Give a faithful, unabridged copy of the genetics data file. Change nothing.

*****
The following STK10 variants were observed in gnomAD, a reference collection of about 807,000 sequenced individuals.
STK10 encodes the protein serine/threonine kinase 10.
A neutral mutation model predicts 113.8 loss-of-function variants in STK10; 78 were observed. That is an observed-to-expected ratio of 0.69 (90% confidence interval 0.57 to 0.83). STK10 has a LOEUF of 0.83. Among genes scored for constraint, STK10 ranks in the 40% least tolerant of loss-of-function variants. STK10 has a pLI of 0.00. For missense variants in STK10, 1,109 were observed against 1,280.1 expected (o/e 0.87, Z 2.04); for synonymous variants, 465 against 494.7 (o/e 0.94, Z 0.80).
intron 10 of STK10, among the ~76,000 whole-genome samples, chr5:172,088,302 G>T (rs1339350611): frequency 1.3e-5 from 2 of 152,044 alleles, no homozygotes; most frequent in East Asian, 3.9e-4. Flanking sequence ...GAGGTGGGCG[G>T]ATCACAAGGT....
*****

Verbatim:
The following STK10 variants were observed in gnomAD, a reference collection of about 807,000 sequenced individuals.
STK10 encodes the protein serine/threonine kinase 10.
A neutral mutation model predicts 113.8 loss-of-function variants in STK10; 78 were observed. That is an observed-to-expected ratio of 0.69 (90% confidence interval 0.57 to 0.83). STK10 has a LOEUF of 0.83. Among genes scored for constraint, STK10 ranks in the 40% least tolerant of loss-of-function variants. STK10 has a pLI of 0.00. For missense variants in STK10, 1,109 were observed against 1,280.1 expected (o/e 0.87, Z 2.04); for synonymous variants, 465 against 494.7 (o/e 0.94, Z 0.80).
intron 10 of STK10, among the ~76,000 whole-genome samples, chr5:172,088,302 G>T (rs1339350611): frequency 1.3e-5 from 2 of 152,044 alleles, no homozygotes; most frequent in East Asian, 3.9e-4. Flanking sequence ...GAGGTGGGCG[G>T]ATCACAAGGT....